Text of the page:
BOSTON (SHNS) – Decisions about COVID-19 vaccine mandates for school teachers and staff fall to local leaders, Gov. Charlie Baker said Monday, expressing “hope” that municipal officials would participate in discussions about the policy.
Asked if he was considering a requirement for teachers to get immunized against the virus, Baker replied that “cities and towns have the primary relationship in Massachusetts with the school’s employees.”
“I certainly would hope that most folks — especially since the teachers unions have expressed an interest in supporting vaccinations for everybody in the school building — would be willing to engage in those discussions and see where they can go,” Baker said. “But again, that is something that under state law and collective bargaining and everything else really does belong to the local level.”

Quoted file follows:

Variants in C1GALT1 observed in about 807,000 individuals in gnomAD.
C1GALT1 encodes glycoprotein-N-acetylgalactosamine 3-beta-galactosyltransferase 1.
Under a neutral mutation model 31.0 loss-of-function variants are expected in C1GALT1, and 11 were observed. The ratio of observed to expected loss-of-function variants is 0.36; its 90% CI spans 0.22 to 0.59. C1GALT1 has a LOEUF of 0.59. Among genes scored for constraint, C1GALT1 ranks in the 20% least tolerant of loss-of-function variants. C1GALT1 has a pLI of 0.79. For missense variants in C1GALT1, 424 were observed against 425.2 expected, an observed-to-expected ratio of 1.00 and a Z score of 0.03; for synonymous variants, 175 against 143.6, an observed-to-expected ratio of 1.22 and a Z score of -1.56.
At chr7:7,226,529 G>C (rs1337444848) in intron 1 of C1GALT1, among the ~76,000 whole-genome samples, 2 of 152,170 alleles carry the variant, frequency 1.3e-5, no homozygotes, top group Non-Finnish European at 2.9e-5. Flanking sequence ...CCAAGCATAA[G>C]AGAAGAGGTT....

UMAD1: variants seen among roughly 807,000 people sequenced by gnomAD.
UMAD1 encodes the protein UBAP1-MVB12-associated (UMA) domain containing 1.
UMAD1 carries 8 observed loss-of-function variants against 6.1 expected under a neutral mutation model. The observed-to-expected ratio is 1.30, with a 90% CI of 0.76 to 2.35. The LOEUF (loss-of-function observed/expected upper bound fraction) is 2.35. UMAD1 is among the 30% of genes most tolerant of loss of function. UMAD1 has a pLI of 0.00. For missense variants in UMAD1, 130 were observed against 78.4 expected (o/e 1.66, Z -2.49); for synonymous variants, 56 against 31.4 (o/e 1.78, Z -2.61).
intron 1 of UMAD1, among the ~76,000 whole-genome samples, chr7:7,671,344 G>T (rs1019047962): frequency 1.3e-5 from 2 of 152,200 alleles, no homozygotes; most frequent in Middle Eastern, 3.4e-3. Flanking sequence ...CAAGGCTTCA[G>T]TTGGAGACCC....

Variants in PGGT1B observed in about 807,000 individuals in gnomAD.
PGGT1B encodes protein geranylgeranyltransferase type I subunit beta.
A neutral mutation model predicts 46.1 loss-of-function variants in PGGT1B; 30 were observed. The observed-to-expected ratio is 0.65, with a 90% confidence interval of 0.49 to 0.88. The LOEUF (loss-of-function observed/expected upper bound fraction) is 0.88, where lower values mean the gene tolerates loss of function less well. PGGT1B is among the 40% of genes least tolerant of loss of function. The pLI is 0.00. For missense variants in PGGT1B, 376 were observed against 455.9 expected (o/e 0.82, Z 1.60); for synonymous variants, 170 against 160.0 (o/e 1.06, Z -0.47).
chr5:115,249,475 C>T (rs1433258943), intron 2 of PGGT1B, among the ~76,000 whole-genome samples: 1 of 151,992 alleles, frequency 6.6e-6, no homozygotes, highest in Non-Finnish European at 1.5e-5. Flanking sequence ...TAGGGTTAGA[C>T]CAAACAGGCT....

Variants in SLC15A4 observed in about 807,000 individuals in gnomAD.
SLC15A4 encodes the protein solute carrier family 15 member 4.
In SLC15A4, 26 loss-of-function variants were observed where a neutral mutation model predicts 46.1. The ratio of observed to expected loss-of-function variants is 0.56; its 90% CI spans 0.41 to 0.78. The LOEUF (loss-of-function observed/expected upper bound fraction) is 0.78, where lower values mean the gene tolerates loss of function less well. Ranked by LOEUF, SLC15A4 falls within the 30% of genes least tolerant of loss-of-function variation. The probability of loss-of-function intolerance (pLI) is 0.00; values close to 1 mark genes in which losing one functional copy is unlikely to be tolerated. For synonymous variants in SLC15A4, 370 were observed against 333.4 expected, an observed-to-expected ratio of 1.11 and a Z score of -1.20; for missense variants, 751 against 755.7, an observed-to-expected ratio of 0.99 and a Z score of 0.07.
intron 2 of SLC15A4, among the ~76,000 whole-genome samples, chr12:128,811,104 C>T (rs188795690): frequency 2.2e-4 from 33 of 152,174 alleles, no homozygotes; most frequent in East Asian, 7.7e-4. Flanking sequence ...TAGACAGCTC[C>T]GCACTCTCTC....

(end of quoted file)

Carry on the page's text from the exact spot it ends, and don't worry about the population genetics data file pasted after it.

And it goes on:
On Aug. 19, Baker ordered executive branch employees to get vaccinated in the next two months or face disciplinary action up to and including termination. That decision, which he noted while discussing teacher vaccine mandates on Monday, will affect about 42,000 workers.
“We did that because many of our employees do have fairly regular contact with the public and with each other, and we felt it was important for them and for the people we deal with every single day to incorporate a mandate and basically send a message that we think, as an employer, this is important,” Baker said.
The Baker administration initially left decisions about mask requirements inside school buildings to individual districts, but last week, Elementary and Secondary Education Commissioner Jeff Riley officially imposed a new policy requiring students and staff in public schools to wear masks indoors until at least Oct. 1.